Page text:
Amid reports that Iran is building a tunnel complex at its Natanz nuclear site--suggesting a further hardening and possible expansion of that facility--the Israeli press has additional updates on Tehran's nuclear intentions.
In today's Jerusalem Post, a former Israeli defense official warns (once again) that the window for military action against Iran is rapidly closing.
Predicting that sanctions will ultimately fail to stop Teheran's nuclear program, Brig.-Gen. (res.) Yossi Kuperwasser, former head of Military Intelligence's Research Division, told The Jerusalem Post on Monday that time to launch an effective military strike against Iran's nuclear installations was running out.
According to Kuperwasser, who stepped down from his post last year, Iran is "very close" to the point that it will cross the technological threshold and have the capability to enrich uranium at an industrial level. Once they master the technology, the Iranians will have the ability to manufacture a nuclear device within two to three years, he added.
"The program's vulnerability to a military operation is diminishing as time passes," Kuperwasser said, "and they are very close to the point that they will be able to enrich uranium at an industrial level."
General Kuperwasser's time line seems consistent with other assessments of the Iranian nuclear program, which postulate that Tehran could have its first nuclear device within 3 years, assuming that it overcomes the remaining technical hurdles. Publicly, the U.S. intelligence community believes that Iran won't produce its first nuclear weapon until sometime in the next decade, but that scenario represents a "worst case" for the Iranians, and the most favorable time line for the west.
Kuperwasser, who is now affiliated with the Jerusalem Center for Public Affairs, believes that "a real threat of military action - backed up by credible threats by world leaders as well as the deployment of a large military force to the region - could have the right effect in deterring Iranian leaders from continuing with their nuclear program." The "large military force" he refers to would be led--obviously--by the United States, and consist of several carrier battle groups, and multiple Air Expeditionary Forces (AEFs), comprised of Air Force combat units.
General Kuperwassser notes that the existing "sanctions" strategy will not work, as long as Russia is not aligned with the U.S. on the Iranian issue. And, of course, that begs an obvious question: if Moscow and Washington can't agree on relatively mild sanctions, there's no way that Mr. Putin and President Bush will issue a unified "credible" threat against Iran.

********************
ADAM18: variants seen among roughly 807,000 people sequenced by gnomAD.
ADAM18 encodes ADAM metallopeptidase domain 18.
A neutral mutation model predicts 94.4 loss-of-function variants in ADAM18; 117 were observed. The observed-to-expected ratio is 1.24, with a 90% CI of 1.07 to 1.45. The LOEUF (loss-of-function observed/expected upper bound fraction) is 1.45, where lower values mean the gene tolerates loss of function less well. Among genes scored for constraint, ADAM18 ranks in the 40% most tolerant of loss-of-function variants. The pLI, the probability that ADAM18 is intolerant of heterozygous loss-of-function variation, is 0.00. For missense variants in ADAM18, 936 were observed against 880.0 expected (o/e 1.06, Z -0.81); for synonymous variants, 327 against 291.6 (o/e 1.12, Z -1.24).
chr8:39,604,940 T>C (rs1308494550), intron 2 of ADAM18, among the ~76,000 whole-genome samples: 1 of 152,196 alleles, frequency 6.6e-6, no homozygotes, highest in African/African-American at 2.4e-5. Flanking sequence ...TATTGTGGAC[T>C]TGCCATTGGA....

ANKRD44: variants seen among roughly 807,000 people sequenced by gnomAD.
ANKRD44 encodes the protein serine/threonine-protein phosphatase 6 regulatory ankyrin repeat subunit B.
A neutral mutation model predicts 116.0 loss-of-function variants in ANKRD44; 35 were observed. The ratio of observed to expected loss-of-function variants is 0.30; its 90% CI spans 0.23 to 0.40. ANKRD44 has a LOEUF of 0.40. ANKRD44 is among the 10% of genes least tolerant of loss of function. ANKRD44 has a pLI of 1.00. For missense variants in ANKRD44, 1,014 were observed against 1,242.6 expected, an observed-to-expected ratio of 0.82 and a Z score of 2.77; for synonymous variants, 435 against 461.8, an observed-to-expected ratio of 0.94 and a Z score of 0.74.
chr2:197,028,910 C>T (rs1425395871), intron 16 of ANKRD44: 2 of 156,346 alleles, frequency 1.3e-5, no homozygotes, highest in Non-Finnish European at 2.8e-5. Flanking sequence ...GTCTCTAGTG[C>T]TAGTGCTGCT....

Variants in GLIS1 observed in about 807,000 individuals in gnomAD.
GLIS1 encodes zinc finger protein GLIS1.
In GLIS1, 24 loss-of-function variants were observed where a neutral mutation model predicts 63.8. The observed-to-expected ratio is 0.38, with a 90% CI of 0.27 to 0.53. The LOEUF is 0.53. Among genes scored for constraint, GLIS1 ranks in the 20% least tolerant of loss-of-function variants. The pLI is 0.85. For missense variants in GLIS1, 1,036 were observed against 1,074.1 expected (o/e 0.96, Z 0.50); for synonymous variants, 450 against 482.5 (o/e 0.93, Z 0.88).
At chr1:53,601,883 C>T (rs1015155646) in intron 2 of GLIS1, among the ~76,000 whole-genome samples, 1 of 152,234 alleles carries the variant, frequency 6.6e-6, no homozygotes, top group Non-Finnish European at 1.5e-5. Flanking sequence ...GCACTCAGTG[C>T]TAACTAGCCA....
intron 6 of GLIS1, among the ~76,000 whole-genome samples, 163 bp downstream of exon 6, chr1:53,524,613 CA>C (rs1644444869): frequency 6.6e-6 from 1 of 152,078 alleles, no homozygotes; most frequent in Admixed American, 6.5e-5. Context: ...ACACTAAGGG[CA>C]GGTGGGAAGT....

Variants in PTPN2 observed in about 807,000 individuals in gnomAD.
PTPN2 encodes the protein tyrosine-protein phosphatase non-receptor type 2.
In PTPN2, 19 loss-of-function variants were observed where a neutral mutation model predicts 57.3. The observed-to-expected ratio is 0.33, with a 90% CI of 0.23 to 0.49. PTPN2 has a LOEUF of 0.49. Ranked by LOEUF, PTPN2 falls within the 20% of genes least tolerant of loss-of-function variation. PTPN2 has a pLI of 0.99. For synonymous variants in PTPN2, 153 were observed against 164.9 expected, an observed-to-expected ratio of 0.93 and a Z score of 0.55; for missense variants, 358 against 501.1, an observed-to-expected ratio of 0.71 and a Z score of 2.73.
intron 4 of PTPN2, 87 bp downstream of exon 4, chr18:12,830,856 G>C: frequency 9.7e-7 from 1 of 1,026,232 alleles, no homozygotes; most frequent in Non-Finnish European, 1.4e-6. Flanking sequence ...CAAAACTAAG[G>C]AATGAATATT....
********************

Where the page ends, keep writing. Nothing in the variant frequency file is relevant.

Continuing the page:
The former Israeli intelligence official and his colleagues certainly understand that. That's why they engage the Post--and other media outlets in Israel-- reminding Prime Minister Olmert and Mr. Bush that there are few viable alternatives for dealing with Iran's nuclear program, and opportunities for employing the military option are diminishing rapidly.
Meanwhile, we're supposedly gaining additional insight about Tehran's nuclear ambitions, thanks to that Iranian general who defected to the west about six months ago. Details on his debriefing emerged in Israel's Yediot Aharonot over the weekend, and were reprinted in Monday's edition of the Post.
According to those reports, the defection of retired General Ali-Reza Asghari was engineered by the CIA, which is housing him at a secure facility, most likely in the United States. Questioning of Asghari has reportedly generated new information on Iranian leadership and the country's nuclear program, according to media accounts.
Asghari has since revealed new and relevant information about Iran's nuclear progress, saying that in addition to reactors and uranium enrichment facility centrifuges being built in the country, Iran has also developed the technology to enrich uranium with lasers.
Laser enrichment is a relatively old technique, but Iran has evidently added chemical enhancements that make the technology more advanced, the report said.
IranWatch.org has an excellent summary of Iran's past efforts at laser enrichment, which date back more than 20 years. Authors Charles D. Ferguson and Jack Boureston note that Iran has apparently been unable to enrich uranium on a large scale using lasers, but the enhancements General Asghari spoke of may increase production rates. They also observe that laser isotope separation (LIS)--the technique used by Iran--requires very little space in comparison to centrifuge operations, like the one at Natanz.
That would make LIS an ideal candidate for a covert enrichment effort, housed in facilities outside known nuclear complexes. However, LIS facilities would still be required to produce enriched uranium in kilograms--not milligrams--a capability that Iran has not demonstrated. Still, given our knowledge "gaps" about Tehran's nucler programs--and General Asghari's recent claims--the possibility of LIS enrichment on a much larger scale cannot be dismissed.